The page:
Wednesday, April 29, 2015

The Angel of Tombstone.....Ellen Cashman



 



Frontier Angel, Miner's Angel and the Angel of Tombstone were all names known to Ellen (Nellie) Cashman. Ellen was famous throughout the Old West as a nurse, entrepreneur, gold miner and Angel. Ellen was once described as "Pretty as a Victorian cameo and, when necessary, tougher than two-penny nails."

Ellen Cashman was born in Queenstown, County Cork Ireland in 1845. Her father died when she was young, so Ellen, her sister, Frances (Franny) and her mother immigrated to the United States. Ellen and her family settled in Boston, where Ellen began work as a bellhop in a prominent Boston hotel. It is said she met General Ulysses S. Grant, here and he urged Ellen to head west. Ellen and her family did, they headed out west to San Francisco, Ca in 1865.
 

Ellen was busy working as a cook at various miner camps including Virginia City and Pioche Nevada. Ellen would take the money she earned from the miner camps and open a Miner's Boarding House at Panaca Flat, Nevada in 1872.

In 1874 Ellen came down with gold fever. She, along with 200 Nevada gold miners, traveled to the Cassiar Mountains in British Columbia, Canada to strike it rich. While in Cassiar she set up another boarding house for miners. This time asking for donations to the Sister of St. Anne in return for services at the boarding house. While in Cassiar, Ellen heard of 26 miners who were injured and suffered from scurvy. She quickly put together a six man search party and collected food and medicine to bring to the stranded miners. The conditions in the mountains were bad and Ellen was advised by the Canadian Army not to proceed on her search. She went anyways and eventually after 77 days of tough weather conditions, Ellen located the injured miners who numbered 75 men not 26. She administered a vitamin C diet to nurse the group back to health. Ellen would later be known as the "Angel of Cassiar".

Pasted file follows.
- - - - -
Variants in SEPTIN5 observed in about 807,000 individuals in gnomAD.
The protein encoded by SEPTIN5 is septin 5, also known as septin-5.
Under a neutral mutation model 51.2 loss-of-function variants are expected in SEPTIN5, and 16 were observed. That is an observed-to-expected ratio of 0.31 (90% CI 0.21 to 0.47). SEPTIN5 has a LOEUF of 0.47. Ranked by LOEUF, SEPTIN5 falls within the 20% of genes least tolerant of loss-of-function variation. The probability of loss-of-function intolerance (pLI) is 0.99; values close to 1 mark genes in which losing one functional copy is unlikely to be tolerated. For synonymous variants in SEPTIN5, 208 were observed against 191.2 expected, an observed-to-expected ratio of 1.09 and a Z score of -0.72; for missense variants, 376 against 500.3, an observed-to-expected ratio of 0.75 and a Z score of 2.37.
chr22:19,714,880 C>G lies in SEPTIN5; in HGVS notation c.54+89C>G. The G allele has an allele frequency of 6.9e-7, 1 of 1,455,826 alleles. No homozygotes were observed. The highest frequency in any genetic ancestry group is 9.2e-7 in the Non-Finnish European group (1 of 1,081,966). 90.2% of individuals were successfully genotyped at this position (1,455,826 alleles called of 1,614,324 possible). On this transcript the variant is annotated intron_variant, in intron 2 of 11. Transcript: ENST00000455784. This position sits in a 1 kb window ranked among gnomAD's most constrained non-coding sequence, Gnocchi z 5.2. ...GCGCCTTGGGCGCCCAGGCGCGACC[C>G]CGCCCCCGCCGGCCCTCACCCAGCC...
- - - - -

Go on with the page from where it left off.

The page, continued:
Ellen eventually found her way to Arizona. First stopping in Tucson and then later in 1880 to Tombstone Arizona, just after the arrival of the Earp brothers. Ellen opened a restaurant and hotel called Russ House which served 50 cent meals and advertised "there are no cockroaches in my kitchen and the flour is clean."  Legend has it that a man once complained about Ellen's cooking and a fellow patron Doc Holliday drew his pistol asking the man to repeat what he said. Embarrassed the man replied, "Best I ever ate."  
Ellen spent her years in Tombstone as a business owner, influential citizen, and an Angel of Tombstone. Ellen was a life long Catholic and convinced the owners of the Crystal Palace Saloon (one of whom was Wyatt Earp) to allow Sunday church services until she could raise enough funds for the construction of the Sacred Heart Church. She also raised money for the Salvation Army, the Red Cross, and the miner's hospital there in Tombstone.

Ellen came back from an unsuccessful gold expedition in Baja, California and learned her sister had died of tuberculosis and left Ellen to raise her  5 children. Ellen sold the Russ House and spent the next years with the children wandering the mining camps of Wyoming, Montana, New Mexico and Arizona. Ellen would eventually joined the Klondike Gold Rush in Canada's Yukon Territory. Ellen arrived in Dawson where she opened a restaurant, a mercantile outlet and a refuge for miners. Ellen lived in Dawson for 7 years and was know to all as one of the greatest figures of the Klondike gold rush.